I never knew this name was so popular… I guess I should have googled this 12 years ago when we named our daughter Cove Taylor Noe. We gave here a more common middle name in case she didn’t like as she got older but she loves her name. We live in a small town in Iowa and have never came across anyone with a name even similar to hers. Very interesting to read that boys seem have “cove” as their name than girls.
My 3rd son’s name is Covington, and we call him Cove;)
I love the name Cove. We named our son Coveyn (Cove-en) My older son always loved the name and we let him name his brother. So happy to see there are others 😀
I love this name, it is also on my top 5 list for boys (along with Brighton). I also like the name Koven. I’m not one for crazy/weird spellings, but I think Coven might be over the top.
My Coveyn was born on august 18 2015 😀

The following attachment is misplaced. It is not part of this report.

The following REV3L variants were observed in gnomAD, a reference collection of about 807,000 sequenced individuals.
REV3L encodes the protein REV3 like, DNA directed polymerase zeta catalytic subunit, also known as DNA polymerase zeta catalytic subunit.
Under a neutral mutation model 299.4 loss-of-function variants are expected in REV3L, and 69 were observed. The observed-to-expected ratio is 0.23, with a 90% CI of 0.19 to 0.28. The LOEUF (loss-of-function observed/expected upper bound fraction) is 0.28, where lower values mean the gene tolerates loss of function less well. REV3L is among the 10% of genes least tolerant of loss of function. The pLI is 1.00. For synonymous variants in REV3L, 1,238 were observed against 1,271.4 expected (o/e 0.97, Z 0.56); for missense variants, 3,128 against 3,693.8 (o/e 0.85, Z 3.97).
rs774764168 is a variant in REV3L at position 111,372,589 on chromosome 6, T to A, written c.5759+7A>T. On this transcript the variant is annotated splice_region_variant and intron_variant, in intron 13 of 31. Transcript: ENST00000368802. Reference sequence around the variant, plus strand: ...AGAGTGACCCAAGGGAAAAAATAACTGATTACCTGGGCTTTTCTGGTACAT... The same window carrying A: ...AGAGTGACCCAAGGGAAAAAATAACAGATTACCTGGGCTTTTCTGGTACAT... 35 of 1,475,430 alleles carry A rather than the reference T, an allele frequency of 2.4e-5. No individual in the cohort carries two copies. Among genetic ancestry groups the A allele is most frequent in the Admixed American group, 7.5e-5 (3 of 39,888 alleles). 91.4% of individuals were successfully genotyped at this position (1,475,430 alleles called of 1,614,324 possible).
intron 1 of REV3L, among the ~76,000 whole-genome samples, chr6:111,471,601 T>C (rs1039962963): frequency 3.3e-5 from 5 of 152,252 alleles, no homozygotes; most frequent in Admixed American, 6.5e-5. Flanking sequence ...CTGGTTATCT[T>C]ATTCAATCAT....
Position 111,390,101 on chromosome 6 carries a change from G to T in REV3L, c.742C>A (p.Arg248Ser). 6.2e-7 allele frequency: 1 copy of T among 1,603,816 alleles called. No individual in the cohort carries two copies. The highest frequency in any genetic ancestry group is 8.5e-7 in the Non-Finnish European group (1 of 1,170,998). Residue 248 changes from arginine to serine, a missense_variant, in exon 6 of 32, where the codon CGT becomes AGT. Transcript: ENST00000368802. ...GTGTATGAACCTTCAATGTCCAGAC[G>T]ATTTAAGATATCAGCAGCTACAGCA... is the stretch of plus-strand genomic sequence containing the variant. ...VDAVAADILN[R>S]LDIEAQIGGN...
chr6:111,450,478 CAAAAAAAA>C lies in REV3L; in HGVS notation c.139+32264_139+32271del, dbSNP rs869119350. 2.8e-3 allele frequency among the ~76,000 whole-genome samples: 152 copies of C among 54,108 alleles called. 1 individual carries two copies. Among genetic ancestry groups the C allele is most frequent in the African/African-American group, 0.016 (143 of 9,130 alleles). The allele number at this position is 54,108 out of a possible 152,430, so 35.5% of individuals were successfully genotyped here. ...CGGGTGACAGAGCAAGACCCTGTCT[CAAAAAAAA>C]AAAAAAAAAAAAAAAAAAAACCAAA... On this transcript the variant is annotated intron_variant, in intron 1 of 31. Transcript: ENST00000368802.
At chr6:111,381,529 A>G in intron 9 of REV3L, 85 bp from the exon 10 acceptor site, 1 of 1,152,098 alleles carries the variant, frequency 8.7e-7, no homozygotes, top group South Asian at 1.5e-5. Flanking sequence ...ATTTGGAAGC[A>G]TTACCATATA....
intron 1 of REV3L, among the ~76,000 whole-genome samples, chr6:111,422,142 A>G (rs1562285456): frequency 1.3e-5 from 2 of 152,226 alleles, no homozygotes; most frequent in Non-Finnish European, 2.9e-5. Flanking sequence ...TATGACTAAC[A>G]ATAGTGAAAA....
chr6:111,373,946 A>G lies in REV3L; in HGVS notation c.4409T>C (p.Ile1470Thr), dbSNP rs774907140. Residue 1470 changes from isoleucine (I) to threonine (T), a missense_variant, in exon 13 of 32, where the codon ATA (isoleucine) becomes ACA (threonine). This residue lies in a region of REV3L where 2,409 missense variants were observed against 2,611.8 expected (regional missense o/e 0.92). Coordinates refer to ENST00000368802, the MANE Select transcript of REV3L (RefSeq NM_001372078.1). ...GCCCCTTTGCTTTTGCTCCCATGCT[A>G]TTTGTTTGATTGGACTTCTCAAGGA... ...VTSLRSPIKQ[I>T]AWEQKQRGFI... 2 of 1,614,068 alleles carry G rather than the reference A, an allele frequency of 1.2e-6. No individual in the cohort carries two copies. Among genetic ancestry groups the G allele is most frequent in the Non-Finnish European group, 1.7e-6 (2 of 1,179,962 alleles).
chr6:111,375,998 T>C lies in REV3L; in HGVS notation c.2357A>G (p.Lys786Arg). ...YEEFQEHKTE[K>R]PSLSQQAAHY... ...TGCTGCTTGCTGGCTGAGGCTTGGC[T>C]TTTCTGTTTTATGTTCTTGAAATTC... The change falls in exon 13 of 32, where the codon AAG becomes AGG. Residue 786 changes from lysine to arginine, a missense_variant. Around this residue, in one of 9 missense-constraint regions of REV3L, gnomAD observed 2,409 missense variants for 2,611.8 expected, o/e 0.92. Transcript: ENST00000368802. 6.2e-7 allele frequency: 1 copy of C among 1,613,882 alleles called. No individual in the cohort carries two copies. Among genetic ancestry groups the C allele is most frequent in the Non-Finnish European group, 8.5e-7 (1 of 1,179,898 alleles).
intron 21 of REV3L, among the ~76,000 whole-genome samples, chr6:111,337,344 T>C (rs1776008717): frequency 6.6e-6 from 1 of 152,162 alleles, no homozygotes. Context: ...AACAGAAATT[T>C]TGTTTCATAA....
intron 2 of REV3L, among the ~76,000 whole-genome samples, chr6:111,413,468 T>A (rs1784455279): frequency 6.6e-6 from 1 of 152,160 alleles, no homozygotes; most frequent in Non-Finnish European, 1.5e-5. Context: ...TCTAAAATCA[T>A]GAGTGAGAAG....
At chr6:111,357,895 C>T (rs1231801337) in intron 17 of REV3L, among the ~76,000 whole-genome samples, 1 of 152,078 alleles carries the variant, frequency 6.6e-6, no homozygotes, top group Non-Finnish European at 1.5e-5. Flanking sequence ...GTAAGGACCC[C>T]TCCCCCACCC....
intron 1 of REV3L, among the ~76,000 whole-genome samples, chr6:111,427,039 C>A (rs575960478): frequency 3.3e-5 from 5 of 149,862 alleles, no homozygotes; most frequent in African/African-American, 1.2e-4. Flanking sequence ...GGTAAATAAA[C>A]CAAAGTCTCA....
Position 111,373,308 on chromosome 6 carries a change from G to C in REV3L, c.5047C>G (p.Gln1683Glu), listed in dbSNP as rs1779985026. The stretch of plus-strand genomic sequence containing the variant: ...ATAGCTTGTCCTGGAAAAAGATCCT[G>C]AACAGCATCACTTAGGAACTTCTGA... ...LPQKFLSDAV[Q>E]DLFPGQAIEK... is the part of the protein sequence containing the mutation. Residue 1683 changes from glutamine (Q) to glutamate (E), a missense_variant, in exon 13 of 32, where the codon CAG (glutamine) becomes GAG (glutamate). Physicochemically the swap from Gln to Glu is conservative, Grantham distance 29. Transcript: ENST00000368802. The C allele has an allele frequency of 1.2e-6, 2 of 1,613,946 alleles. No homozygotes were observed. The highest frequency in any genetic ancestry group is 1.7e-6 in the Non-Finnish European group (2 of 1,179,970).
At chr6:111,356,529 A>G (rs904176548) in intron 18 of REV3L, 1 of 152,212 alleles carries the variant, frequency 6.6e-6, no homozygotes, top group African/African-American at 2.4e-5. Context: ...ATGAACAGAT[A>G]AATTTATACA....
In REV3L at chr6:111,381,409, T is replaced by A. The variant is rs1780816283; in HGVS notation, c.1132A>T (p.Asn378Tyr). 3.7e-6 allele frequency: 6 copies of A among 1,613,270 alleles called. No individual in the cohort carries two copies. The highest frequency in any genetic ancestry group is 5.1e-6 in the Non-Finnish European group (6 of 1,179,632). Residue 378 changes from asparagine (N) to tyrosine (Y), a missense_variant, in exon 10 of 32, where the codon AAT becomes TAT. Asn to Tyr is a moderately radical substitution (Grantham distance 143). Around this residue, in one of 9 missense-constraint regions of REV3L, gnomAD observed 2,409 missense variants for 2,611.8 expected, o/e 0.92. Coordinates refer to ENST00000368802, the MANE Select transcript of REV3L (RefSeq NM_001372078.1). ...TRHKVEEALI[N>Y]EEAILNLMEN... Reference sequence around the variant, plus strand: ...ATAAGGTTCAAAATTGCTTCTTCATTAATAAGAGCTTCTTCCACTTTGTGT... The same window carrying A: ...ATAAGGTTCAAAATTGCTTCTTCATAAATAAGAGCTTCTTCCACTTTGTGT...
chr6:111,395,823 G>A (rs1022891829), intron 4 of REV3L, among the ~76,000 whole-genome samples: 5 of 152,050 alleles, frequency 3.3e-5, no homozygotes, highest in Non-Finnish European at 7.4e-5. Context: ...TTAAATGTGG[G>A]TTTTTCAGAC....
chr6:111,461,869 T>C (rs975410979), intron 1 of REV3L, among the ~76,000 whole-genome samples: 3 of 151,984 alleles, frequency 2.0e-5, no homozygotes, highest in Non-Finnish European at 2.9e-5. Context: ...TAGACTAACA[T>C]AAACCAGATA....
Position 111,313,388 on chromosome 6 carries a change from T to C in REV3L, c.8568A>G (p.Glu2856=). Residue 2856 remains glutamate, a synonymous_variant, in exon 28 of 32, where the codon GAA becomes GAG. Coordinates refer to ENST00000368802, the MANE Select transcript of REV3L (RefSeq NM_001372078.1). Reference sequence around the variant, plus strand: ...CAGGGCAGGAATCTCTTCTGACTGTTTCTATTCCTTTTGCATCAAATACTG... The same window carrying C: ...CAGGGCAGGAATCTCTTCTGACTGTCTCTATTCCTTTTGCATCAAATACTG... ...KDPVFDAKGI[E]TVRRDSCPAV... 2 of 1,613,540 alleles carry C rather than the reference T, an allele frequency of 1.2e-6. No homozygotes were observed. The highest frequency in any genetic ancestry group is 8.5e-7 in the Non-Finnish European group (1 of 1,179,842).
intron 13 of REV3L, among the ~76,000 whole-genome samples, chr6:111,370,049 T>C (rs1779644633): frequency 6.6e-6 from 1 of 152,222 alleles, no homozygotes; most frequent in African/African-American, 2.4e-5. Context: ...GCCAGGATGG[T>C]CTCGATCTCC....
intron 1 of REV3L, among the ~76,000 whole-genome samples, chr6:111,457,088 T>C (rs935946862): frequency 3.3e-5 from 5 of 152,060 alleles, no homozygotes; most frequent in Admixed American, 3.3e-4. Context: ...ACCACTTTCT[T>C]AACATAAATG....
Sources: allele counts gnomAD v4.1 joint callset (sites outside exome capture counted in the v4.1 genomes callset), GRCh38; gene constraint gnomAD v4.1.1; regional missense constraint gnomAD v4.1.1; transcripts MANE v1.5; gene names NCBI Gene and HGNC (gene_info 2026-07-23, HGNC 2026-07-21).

WOW…I had no idea that there were so many other people who had named their child Cove! My son was born in 1998 and I named him Cove Ryan. I loved Maine so much that I wanted a word that captured the beauty and the way that place makes me feel. For me, “Cove” was it. Watching the water crash against the rocks is so peaceful and perfect…coincidentally just like a sleeping newborn baby. My son is now 16 and although I purposefully gave him a very average middle name in the event that he did not like his first name he could go by Ryan, it turns out I worried needlessly. Not so long ago he informed me that he did not like his middle name because it was so boring and ordinary which prompted me to ask, “Well, if you could have named yourself, what would you have wanted?” His reply was “Cove” 🙂